Author: Lisa V., C’02, GeD’10
Eight years is a long time. It’s long enough to witness four Olympic games; long enough to get a bachelor’s degree – twice; long enough to become a doctor – medical school, residency and all. For me, the past eight years have been long enough to grow up from an unpolished post-grad looking for any old job to a professional woman with what one might actually categorize as a “career.” How did this happen?
In May 2005, I came back to Penn for the first time since graduating in May 2002, this time not as a student but as a staff member. I remember walking through campus that fall during move-in, feeling as though I could relate much more to the incoming students than my colleagues or fellow alumni. It was much like coming home from college for your first Thanksgiving, unsure whether you should sit at the kids table or the grown up table. Lucky for me, I wasn’t forced to choose.
In the ensuing years, I received a true education. I learned how to work hard, and play even harder. I learned that the art of building relationships is the key to success – both professionally and personally. I learned that impromptu dance parties are the best remedy for a long, hard day of work – and just about anything else. I learned – by example – what it means to be a mentor, a leader, a team player. I learned that work-life balance is a journey, not a destination – but it’s a journey made far less arduous when accompanied by amazing friends and colleagues.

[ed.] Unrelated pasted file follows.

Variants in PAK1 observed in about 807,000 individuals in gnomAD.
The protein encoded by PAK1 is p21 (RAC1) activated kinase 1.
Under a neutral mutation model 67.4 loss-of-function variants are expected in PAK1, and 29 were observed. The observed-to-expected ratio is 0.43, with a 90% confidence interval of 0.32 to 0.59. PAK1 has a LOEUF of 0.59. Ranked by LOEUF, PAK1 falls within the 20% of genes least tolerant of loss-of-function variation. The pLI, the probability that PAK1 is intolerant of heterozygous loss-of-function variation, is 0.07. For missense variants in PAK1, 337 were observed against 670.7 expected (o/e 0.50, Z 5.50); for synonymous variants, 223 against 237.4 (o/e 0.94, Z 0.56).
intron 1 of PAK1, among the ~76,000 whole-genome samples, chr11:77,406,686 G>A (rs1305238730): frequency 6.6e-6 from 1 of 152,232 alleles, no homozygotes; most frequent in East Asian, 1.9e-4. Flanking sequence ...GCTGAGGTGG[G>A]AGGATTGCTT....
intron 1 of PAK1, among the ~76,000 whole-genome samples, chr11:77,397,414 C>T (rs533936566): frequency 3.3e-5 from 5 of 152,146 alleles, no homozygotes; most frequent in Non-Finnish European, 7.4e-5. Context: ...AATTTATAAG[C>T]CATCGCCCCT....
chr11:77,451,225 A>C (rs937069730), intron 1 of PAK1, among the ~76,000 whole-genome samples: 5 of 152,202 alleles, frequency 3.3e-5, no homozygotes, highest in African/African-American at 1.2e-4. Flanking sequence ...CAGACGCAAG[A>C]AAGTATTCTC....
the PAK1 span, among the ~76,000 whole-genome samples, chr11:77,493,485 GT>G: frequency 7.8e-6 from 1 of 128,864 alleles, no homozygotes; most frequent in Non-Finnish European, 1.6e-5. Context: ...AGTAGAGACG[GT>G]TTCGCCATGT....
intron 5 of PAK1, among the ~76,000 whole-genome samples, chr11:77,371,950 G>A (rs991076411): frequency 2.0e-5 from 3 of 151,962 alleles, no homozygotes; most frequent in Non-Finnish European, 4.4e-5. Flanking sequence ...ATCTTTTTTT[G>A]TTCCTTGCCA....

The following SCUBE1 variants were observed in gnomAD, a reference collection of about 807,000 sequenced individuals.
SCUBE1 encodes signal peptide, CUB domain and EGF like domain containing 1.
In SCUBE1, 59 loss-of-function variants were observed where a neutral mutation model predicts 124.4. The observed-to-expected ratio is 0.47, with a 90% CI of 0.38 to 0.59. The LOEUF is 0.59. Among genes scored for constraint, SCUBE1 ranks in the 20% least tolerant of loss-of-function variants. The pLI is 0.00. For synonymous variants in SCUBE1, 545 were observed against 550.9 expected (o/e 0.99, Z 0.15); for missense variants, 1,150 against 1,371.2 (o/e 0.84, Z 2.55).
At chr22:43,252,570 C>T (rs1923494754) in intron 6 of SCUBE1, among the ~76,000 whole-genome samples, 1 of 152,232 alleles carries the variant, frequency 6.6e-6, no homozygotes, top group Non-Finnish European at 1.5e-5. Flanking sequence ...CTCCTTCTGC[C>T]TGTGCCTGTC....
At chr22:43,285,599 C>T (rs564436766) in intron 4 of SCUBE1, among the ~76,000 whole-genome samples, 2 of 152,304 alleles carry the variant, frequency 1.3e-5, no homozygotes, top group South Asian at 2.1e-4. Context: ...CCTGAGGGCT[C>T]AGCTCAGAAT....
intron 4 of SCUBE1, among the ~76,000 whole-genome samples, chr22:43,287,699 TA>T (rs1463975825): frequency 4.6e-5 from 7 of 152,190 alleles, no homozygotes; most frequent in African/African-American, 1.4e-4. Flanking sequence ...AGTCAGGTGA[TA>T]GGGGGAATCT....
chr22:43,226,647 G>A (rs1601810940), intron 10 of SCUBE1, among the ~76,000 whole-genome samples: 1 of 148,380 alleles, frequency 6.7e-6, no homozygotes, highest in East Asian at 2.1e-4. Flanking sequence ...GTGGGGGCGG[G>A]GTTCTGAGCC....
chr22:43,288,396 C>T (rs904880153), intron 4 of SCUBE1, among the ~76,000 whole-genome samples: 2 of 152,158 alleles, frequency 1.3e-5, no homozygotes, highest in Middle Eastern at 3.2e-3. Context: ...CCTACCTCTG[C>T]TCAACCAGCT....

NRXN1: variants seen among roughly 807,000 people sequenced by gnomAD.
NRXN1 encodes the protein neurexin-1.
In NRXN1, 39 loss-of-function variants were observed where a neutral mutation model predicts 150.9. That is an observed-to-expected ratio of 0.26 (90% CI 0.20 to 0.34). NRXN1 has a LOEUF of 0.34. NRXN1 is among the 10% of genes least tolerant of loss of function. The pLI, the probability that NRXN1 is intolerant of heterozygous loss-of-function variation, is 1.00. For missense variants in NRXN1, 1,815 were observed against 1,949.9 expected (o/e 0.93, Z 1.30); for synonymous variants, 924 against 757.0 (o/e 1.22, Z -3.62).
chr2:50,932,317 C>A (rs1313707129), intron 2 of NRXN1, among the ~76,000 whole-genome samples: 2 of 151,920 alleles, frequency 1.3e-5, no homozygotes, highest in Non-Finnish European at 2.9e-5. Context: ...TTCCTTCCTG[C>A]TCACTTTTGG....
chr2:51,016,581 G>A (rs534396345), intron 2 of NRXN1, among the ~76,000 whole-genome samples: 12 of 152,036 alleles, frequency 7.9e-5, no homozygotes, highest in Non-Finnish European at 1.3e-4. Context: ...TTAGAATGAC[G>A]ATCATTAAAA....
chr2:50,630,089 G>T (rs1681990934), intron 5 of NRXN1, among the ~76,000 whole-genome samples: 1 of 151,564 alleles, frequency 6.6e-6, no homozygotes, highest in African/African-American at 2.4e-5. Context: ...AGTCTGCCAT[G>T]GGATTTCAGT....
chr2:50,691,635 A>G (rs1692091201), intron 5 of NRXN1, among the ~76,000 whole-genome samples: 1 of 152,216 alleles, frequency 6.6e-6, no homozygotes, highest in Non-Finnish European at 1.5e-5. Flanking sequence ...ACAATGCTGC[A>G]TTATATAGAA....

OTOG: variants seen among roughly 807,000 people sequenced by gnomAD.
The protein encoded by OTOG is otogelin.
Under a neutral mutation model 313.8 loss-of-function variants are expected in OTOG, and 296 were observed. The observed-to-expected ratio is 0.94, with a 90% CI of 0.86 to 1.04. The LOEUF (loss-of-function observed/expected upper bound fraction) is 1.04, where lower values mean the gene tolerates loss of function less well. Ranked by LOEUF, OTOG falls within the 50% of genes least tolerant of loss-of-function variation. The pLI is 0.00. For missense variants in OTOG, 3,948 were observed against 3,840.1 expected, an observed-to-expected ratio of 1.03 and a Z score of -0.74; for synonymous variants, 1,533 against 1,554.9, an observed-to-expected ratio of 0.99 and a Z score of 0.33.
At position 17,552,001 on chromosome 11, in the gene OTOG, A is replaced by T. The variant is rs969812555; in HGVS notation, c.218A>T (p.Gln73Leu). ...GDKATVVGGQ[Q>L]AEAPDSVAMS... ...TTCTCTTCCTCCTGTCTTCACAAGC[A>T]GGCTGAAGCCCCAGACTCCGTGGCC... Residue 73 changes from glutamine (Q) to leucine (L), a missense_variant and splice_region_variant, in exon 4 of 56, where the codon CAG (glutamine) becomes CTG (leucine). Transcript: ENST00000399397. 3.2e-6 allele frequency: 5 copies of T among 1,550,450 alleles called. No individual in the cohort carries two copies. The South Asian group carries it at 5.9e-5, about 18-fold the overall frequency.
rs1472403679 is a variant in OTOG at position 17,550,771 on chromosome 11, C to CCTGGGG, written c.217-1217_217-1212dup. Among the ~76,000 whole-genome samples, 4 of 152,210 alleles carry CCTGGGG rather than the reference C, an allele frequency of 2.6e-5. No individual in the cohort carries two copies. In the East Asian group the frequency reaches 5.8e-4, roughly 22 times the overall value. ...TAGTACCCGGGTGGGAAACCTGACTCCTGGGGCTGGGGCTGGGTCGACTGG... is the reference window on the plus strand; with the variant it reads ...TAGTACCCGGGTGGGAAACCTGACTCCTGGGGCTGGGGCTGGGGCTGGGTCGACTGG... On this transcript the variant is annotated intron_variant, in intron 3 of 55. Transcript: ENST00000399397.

Penn has always been a special place for me. As an undergraduate, it’s where I met my very best friends and received an education that opened my eyes to the world’s possibilities. But I’d be lying if didn’t say that the past eight years have been as – if not more – transformative. My Penn family – stand-in moms and sisters and brothers and aunts and uncles – have guided and supported me through marriage and moves and babies and second degrees. They’ve made me laugh when I felt like crying. They’ve talked me off the ledge, and been there to catch me when I still managed to fall over it. They’ve celebrated my successes as if they were their own, and reassured me that my failures were merely stepping stones.
Eight years is a long time. It’s long enough to acquire a second family; long enough to build relationships that will endure well beyond my tenure here; and long enough to know that I will never again find such an amazing group of passionate, loyal, creative colleagues.
Thank you, Sweeten, for eight tremendous years. It’s a sin that it has to come to an end – but I know you will all be part of the next chapter of my life in your own ways.